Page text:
Why Thousands Are Turning to a Psychedelic Plant from Africa for Release from Severe Addictions
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Ibogaine works a mysterious voodoo that combines the spiritual and the biochemical. More than anything else, it challenges the legitimacy of the “disease” model of addiction, and no one anywhere on the health care food chain wants to hear that, especially if they are profiting from the immiseration caused by drug abuse.
So what is ibogaine? The two-volume reference bible Psychedelic Medicine classifies ibogaine as a naturally occurring alkaloid of the Tabernanthe Iboga plant native to West Central Africa. The iboga root bark contains a powerful psychedelic that has been used as a religious sacrament for centuries. In the colonial era, iboga served as a vital instrument of psycho-spiritual resistance for the indigenous population against the encroachment of the white man.
Today iboga is used primarily by the Bwiti religion of Gabon in their initiatory rites of passage, like those described by Daniel Pinchbeck in Breaking Open the Head (credit the Bwiti with the title, it's their term for what happens when one takes the drug). During the ritual large amounts of iboga are consumed and the initiates are known to enter visionary states where they meet their deceased tribal elders -- what they call “the work of the ancestors” -- and confront their shadow selves as a means of becoming aware of negative behavior patterns and character traits which cause illness and impede spiritual growth.
The person credited with introducing iboga to the U.S. is the Godfather of the movement, Howard Lotsof, a former heroin addict turned ibogaine evangelist who died last month of liver cancer at the age of 66. In 1962 Lotsof stumbled across ibogaine’s effectiveness with addiction when he found that after one dose he had lost his craving for heroin, and had miraculously leapfrogged the brutal and potentially fatal withdrawal process.
Lotsof tirelessly lobbied public officials and dogged researchers and pharmaceutical companies to investigate his claims about iboga’s miraculous properties. By the 1980s he was lay-administering the alkaloid ibogaine in capsule form to addicts in the Netherlands and was given a U.S. patent. Lotsof felt ibogaine’s true significance was in unlocking the mysteries of the neurobiology of addiction. By virtue of its origin he also believed it could serve as a means of reconnecting shamanic medicine to Western medicine. Secretly, he and his inner circle harbored fantasies of a revolution in consciousness, and ibogaine was one of their most viable Trojan Horses.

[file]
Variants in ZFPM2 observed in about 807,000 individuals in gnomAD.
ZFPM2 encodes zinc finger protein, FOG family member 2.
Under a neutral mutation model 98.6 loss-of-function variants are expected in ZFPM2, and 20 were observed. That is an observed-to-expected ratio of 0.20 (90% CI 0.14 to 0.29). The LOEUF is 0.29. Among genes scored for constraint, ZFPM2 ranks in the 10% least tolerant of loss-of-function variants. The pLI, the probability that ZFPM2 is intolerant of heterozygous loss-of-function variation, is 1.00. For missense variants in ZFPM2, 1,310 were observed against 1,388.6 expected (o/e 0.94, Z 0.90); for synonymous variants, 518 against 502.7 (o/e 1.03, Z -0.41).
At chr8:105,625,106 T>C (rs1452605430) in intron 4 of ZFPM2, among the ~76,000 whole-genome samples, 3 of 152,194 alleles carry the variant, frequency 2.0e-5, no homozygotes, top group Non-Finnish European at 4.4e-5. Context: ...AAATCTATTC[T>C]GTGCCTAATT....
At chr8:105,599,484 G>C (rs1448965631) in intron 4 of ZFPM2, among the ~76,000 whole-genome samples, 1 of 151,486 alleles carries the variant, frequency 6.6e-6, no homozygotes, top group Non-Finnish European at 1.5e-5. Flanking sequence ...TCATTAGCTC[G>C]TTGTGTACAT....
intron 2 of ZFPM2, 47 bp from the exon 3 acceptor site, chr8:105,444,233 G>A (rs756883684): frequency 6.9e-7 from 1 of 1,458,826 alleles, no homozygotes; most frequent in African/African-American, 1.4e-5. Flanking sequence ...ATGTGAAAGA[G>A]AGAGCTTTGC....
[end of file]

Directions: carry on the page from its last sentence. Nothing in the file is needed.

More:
Here’s how the miracle works. The conventional approach to treating opiate addiction is to employ a substitution therapy like methadone or suboxone, maintenance drugs that keep the addict addicted to a less potent, more manageable opiate analog. This means that the only available treatment does not actually stop the addiction. So what’s the point?
Ibogaine works, it is believed, by filling in the receptor sites that the opiate molecules once sought, ending the craving for the drug, while at the same time metabolizing in the liver into noribogaine, which is thought to have powerful detoxifying and anti-depressant properties. The million dollar jackpot is that ibogaine can eliminate the exceedingly painful and dangerous opiate withdrawal process, sometimes in a single dose. In effect, it has the power to hit the reset button on the brain’s neurotransmitter mechanism.
Ibogaine has never been popular as a recreational drug regardless of its legal status. There is not a single recorded case of ibogaine addiction anywhere. Those who use it do so infrequently, because, like ayahuasca or peyote, it takes a toll on the mind, body and spirit, never mind that most folks don't consider vomiting and diarrhea to be particularly social activities. Only two iboga-related arrests are known to have occurred in the U.S., and 20 people are on record as having died within 72 hours of taking ibogaine, mostly due to either heart complications or drug contraindications.